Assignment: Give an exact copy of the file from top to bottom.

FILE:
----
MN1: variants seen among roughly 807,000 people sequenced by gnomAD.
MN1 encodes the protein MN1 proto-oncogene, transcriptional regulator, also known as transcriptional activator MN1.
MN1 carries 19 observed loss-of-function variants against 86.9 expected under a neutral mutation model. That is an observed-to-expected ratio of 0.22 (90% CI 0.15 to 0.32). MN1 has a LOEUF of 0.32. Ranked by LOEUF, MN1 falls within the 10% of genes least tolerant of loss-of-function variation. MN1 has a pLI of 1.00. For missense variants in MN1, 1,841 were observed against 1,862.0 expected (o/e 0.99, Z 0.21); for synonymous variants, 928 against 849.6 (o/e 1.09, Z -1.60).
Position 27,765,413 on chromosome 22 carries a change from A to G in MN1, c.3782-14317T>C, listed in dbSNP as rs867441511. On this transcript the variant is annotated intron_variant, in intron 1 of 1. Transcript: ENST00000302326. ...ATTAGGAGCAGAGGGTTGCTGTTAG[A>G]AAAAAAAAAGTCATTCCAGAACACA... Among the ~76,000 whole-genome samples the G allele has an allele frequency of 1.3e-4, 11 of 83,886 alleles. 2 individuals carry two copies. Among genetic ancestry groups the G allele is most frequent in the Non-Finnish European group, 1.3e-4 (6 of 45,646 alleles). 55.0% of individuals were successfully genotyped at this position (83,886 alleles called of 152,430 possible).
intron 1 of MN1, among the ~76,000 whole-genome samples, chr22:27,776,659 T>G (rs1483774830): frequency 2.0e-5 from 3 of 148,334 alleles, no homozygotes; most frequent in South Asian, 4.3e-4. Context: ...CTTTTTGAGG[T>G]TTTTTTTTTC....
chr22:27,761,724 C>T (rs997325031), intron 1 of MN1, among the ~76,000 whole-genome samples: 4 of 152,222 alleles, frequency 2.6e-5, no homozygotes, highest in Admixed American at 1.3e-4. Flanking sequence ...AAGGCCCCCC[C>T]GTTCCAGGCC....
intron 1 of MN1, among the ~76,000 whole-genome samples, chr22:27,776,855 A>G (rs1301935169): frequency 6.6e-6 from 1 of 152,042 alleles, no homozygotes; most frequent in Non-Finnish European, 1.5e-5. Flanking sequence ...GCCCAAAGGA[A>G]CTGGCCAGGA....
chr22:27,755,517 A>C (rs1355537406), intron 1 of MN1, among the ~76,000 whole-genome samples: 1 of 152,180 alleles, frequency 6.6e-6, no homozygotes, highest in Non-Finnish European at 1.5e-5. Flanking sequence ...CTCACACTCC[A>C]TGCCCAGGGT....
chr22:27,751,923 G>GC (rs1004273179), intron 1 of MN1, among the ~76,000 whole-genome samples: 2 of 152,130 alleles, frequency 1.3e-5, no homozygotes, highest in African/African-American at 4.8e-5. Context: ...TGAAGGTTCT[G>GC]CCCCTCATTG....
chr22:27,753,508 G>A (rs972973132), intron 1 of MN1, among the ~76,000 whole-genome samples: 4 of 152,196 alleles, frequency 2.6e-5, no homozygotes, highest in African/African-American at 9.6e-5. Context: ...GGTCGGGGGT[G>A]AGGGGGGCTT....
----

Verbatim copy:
MN1: variants seen among roughly 807,000 people sequenced by gnomAD.
MN1 encodes the protein MN1 proto-oncogene, transcriptional regulator, also known as transcriptional activator MN1.
MN1 carries 19 observed loss-of-function variants against 86.9 expected under a neutral mutation model. That is an observed-to-expected ratio of 0.22 (90% CI 0.15 to 0.32). MN1 has a LOEUF of 0.32. Ranked by LOEUF, MN1 falls within the 10% of genes least tolerant of loss-of-function variation. MN1 has a pLI of 1.00. For missense variants in MN1, 1,841 were observed against 1,862.0 expected (o/e 0.99, Z 0.21); for synonymous variants, 928 against 849.6 (o/e 1.09, Z -1.60).
Position 27,765,413 on chromosome 22 carries a change from A to G in MN1, c.3782-14317T>C, listed in dbSNP as rs867441511. On this transcript the variant is annotated intron_variant, in intron 1 of 1. Transcript: ENST00000302326. ...ATTAGGAGCAGAGGGTTGCTGTTAG[A>G]AAAAAAAAAGTCATTCCAGAACACA... Among the ~76,000 whole-genome samples the G allele has an allele frequency of 1.3e-4, 11 of 83,886 alleles. 2 individuals carry two copies. Among genetic ancestry groups the G allele is most frequent in the Non-Finnish European group, 1.3e-4 (6 of 45,646 alleles). 55.0% of individuals were successfully genotyped at this position (83,886 alleles called of 152,430 possible).
intron 1 of MN1, among the ~76,000 whole-genome samples, chr22:27,776,659 T>G (rs1483774830): frequency 2.0e-5 from 3 of 148,334 alleles, no homozygotes; most frequent in South Asian, 4.3e-4. Context: ...CTTTTTGAGG[T>G]TTTTTTTTTC....
chr22:27,761,724 C>T (rs997325031), intron 1 of MN1, among the ~76,000 whole-genome samples: 4 of 152,222 alleles, frequency 2.6e-5, no homozygotes, highest in Admixed American at 1.3e-4. Flanking sequence ...AAGGCCCCCC[C>T]GTTCCAGGCC....
intron 1 of MN1, among the ~76,000 whole-genome samples, chr22:27,776,855 A>G (rs1301935169): frequency 6.6e-6 from 1 of 152,042 alleles, no homozygotes; most frequent in Non-Finnish European, 1.5e-5. Flanking sequence ...GCCCAAAGGA[A>G]CTGGCCAGGA....
chr22:27,755,517 A>C (rs1355537406), intron 1 of MN1, among the ~76,000 whole-genome samples: 1 of 152,180 alleles, frequency 6.6e-6, no homozygotes, highest in Non-Finnish European at 1.5e-5. Flanking sequence ...CTCACACTCC[A>C]TGCCCAGGGT....
chr22:27,751,923 G>GC (rs1004273179), intron 1 of MN1, among the ~76,000 whole-genome samples: 2 of 152,130 alleles, frequency 1.3e-5, no homozygotes, highest in African/African-American at 4.8e-5. Context: ...TGAAGGTTCT[G>GC]CCCCTCATTG....
chr22:27,753,508 G>A (rs972973132), intron 1 of MN1, among the ~76,000 whole-genome samples: 4 of 152,196 alleles, frequency 2.6e-5, no homozygotes, highest in African/African-American at 9.6e-5. Context: ...GGTCGGGGGT[G>A]AGGGGGGCTT....